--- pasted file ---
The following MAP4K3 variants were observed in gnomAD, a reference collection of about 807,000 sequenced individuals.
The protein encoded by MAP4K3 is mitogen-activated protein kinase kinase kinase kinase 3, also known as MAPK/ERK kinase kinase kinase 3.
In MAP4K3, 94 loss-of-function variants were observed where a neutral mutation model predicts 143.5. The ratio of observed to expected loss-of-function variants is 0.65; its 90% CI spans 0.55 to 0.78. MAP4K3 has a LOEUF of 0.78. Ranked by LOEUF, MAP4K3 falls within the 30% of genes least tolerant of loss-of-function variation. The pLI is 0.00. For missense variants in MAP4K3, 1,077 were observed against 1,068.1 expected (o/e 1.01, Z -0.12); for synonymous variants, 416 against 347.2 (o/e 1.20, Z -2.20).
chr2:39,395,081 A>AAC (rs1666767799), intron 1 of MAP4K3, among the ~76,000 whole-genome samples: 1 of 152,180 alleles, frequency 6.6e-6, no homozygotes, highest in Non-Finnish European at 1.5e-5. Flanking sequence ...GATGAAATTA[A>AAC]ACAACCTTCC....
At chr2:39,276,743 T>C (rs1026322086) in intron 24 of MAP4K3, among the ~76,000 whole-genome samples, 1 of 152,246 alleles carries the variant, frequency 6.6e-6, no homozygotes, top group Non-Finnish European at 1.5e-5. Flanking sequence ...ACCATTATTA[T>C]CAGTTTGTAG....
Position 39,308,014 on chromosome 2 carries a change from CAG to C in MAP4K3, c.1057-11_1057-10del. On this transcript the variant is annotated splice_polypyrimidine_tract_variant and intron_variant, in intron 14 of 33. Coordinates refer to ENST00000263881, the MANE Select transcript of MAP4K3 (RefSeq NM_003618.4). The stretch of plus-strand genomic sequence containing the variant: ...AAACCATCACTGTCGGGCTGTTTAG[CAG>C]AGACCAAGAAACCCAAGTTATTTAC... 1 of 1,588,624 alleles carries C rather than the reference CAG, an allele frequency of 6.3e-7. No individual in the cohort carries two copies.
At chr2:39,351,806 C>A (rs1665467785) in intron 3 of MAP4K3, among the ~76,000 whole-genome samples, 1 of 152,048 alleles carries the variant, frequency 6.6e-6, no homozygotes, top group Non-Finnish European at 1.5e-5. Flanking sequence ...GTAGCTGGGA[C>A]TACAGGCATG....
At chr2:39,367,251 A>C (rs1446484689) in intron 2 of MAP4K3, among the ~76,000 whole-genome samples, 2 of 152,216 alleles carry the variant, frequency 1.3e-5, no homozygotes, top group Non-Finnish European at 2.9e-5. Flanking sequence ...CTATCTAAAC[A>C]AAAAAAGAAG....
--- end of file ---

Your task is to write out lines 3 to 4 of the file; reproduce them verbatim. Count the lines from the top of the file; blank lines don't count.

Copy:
In MAP4K3, 94 loss-of-function variants were observed where a neutral mutation model predicts 143.5. The ratio of observed to expected loss-of-function variants is 0.65; its 90% CI spans 0.55 to 0.78. MAP4K3 has a LOEUF of 0.78. Ranked by LOEUF, MAP4K3 falls within the 30% of genes least tolerant of loss-of-function variation. The pLI is 0.00. For missense variants in MAP4K3, 1,077 were observed against 1,068.1 expected (o/e 1.01, Z -0.12); for synonymous variants, 416 against 347.2 (o/e 1.20, Z -2.20).
chr2:39,395,081 A>AAC (rs1666767799), intron 1 of MAP4K3, among the ~76,000 whole-genome samples: 1 of 152,180 alleles, frequency 6.6e-6, no homozygotes, highest in Non-Finnish European at 1.5e-5. Flanking sequence ...GATGAAATTA[A>AAC]ACAACCTTCC....